Voices have always been another block to play around with for electronic artist DÉ DÉ MOUSE. The Tokyo-based creator has always sliced-up vocal samples nice and thin, using them as an airy lift-off rather than something anyone needs to spend much time seeking out meaning from. New song “Heartbeat” takes this approach to a logical and welcome place. This jittery cut, from the just-released Nulife, stands out as a highlight of how effective this particular style of sonic tinkering can be. Watch the video — a simple affair featuring two dancers doing their thing and having some fun against a pretty spacious Tokyo backdrop — below.
The cut-tight singing sprinkled all over “Heartbeat” seemingly aims to recreate the feeling of the titular body activity, or at least touch on the nervous energy associated with it. What really pushes it to a new place for DÉ DÉ MOUSE is how he interacts with musical communities outside of his normal view. In particular, “Heartbeat” draws inspiration from the world of Jersey Club, a dance music community built around hiccuping beats and vocal samples. Several passages from “Heartbeat” nod towards this sound, and it proves to work wonders for the syllable skipping he has long preferred. Helping matters is how he’s open to exploring all kinds of passages over the course of this track, finding just the right pacing throughout.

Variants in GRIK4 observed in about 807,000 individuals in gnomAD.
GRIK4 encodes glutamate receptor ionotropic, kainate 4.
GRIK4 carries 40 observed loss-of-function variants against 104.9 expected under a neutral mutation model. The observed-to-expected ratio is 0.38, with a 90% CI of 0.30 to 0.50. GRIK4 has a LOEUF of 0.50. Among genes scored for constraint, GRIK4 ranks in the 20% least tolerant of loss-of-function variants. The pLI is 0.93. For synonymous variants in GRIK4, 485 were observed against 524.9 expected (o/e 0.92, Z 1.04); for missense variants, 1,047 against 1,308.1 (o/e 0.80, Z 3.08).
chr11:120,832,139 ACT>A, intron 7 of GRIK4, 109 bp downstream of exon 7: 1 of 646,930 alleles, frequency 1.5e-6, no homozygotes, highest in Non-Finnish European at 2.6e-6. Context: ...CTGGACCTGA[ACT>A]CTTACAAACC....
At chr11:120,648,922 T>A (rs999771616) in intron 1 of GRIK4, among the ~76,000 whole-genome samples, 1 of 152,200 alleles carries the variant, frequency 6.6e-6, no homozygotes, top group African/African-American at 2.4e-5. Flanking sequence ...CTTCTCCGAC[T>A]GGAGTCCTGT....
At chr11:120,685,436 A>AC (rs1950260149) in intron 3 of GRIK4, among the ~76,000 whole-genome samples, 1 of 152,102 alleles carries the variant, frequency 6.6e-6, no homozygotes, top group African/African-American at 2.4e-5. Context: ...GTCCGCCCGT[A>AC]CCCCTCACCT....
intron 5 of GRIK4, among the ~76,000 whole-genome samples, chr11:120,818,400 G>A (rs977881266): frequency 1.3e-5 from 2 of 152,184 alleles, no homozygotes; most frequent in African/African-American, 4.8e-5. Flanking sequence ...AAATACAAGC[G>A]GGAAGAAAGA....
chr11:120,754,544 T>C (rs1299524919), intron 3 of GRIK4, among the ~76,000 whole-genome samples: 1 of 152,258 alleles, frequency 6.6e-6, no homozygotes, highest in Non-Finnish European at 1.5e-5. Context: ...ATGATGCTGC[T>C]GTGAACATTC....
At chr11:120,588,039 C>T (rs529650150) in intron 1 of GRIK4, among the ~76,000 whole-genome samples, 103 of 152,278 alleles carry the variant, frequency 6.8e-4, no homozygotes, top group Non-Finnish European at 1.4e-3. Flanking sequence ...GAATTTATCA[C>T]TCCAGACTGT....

“Heartbeat” comes from an equally energetic album, which arrived in stores and on streaming sites this past Wednesday. Nulife finds DÉ DÉ MOUSE embracing the beat-centered side of his mind, whether he’s crafting joyful releases such as “Heartbeat” or getting a bit more melancholic (and, uh, summoning the Bloghouse days of the late Aughts) on something like “Regret.” It’s a late-year highlight and a reminder that even the most well-worn tricks can find new use over time.